• Brandon Colvin

Communities of color will directly benefit from newly signed infrastructure law

Updated: Nov 23, 2021

Today, President Joe Biden signed one of the largest pieces of legislation, in terms of scope of impact and cost, in country's history: the bipartisan Infrastructure Investment and Jobs Act. As it made its way through Congress over the last several months, the bill has ballooned and shrank many times with its future, at points, uncertain, but now, the $1.2 trillion dollar bill has become the law of the land with the stroke of President Biden's pen.


The legislation is broad-ranging in its reach and is designed to address economic disparities resulting from decades of disinvestment in America’s infrastructure. Communities of color in cities across the U.S. have disproportionately borne the brunt of this disinvestment. Dysfunctional schools and educational systems, inefficient public services, lack of access to digital resources, weak or non-existent environmental protections, food insecurity, and other failures of basic public systems in Black and brown communities have left some of America's most vulnerable citizens without the critical resources necessary to realize the so-called "American Dream."


According to White House officials, the new Infrastructure Investment and Jobs Act aims to make the American Dream more accessible than ever. Over the next five years, the new law will provide for $550 billion of new federal infrastructural investments in roads, bridges, mass transit, rail, airports, ports and waterways across the country. The law also earmarks billions for broadband infrastructure, improvement of the nation's electric grid, and updating America's water systems. Electric vehicle owners will also directly benefit from the law as $7.5 billion will go toward the construction of a nationwide network of plug-in electric vehicle chargers.


But how will communities of color benefit from the Infrastructure Investment and Jobs Act? Here's a look by the numbers.

$65 billion for broadband. Includes funding to expand broadband in rural areas and in low-income communities. $14 billion of the total would help reduce Internet bills for low-income citizens. Black Americans are 9% less likely than their white peers to have high-speed internet. Latino Americans are 15% less likely. About 35% of individuals living on Tribal lands lack access to broadband service.

$55 billion for water infrastructure. Includes $15 billion for lead pipe replacement, $10 billion for chemical and environmental hazard cleanup. The law provides for the largest investment in clean water in American history. There are up to 10 million homes with lead service lines and pipes. Children in up to 400,000 schools and child care facilities are at risk of exposure to lead. Exposure to lead can negatively affect academic performance, and can lead to cardiovascular disease later in life. Families of color nationwide, especially in communities like Chicago, Milwaukee, and Newark are at the highest risk for lead exposure at home and in schools.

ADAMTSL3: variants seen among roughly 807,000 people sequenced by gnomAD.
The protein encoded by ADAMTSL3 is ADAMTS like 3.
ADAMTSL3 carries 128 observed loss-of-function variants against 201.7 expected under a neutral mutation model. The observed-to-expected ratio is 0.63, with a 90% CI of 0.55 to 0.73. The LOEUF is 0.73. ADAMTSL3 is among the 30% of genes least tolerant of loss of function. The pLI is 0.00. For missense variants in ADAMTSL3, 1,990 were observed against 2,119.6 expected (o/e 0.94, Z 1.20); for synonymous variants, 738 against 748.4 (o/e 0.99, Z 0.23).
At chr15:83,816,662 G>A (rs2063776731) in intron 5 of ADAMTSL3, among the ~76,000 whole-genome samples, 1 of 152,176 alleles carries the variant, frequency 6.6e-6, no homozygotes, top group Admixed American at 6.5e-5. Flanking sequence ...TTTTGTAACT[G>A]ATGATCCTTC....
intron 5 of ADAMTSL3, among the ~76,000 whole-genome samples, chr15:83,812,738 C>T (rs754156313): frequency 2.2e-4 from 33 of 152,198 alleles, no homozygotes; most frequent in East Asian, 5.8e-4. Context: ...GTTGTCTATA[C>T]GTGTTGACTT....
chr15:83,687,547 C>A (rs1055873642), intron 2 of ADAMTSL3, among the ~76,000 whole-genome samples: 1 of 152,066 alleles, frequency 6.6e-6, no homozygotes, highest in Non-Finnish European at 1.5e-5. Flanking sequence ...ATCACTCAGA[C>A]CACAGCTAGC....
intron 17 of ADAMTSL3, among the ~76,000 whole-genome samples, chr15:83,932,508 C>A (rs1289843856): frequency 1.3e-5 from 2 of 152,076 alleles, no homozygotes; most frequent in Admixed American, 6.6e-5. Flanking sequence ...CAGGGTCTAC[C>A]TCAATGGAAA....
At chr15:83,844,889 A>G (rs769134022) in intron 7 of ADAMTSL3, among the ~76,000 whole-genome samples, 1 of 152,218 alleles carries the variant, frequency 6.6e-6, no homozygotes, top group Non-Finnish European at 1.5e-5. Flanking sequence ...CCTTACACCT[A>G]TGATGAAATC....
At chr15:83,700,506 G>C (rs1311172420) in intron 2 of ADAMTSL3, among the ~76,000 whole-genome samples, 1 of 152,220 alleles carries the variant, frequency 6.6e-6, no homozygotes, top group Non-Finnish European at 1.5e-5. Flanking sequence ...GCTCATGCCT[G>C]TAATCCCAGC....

$39 billion for public transit. Includes funding for upgrades to public transit systems nationwide. The allocation also earmarks money to create new bus routes and help make public transit more accessible to seniors and disabled Americans. African-American and Asian American workers commute by public transit at nearly 4 times the rate of white workers. In New York City, Black residents on average spend an additional 110 minutes per week commuting to work compared to white residents. Similar stats exist for Chicago, where low-income Black commuters spend an additional 70 minutes per commute in comparison to their white counterparts.

Grant funding for reconnecting Black communities. Includes funding to support efforts to reconnect communities, many of which are Black, divided by transportation infrastructure that was built through them, destroying homes, schools, churches and parks. The law will fund planning, design, demolition, and reconstruction of street grids, parks, or other infrastructure. This is in addition to other major grant programs that could fund elements of these projects.

$65 billion for energy efficiency. Includes upgrades to America's power infrastructure and efforts to reduce pollution. School buses produce significant air pollution that is linked to asthma and other respiratory health issues. Funding will replace diesel-powered buses with electric school buses. Black Americans are almost 3 times more likely to die from asthma-related causes than white Americans..

$21 billion for cleanup of brownfields and Superfund sites. Includes funding to create jobs plugging orphan oil and gas wells, cleaning up abandoned mines, and remediating Brownfield and Superfund sites. 26% of Black Americans and 29% of Hispanic Americans live within 3 miles of a Superfund site, a higher percentage than for Americans overall. Proximity to a Superfund site can lead to elevated levels of lead in children’s blood. Recent studies demonstrate that cleaning up these sites can lead to a decrease in lead blood levels by approximately 13-26%.


$52 billion for climate resilience infrastructure. Includes dollars to help communities build resilience to wildfires and floods through investments in forest management and upgrades to critical flood and natural disaster response infrastructure. Funding will also support state and local infrastructure improvements and emergency response strategies, such as planning grants to develop evacuation routes and upgrade community shelters. The law will also make it easier for low-income families to buy flood insurance.


Check out a more detailed section-by-section accounting of the Infrastructure Investment and Jobs Act by following this link: https://www.manchin.senate.gov/imo/media/doc/bipartisan_infrastructure_bill_section_by_section.pdf


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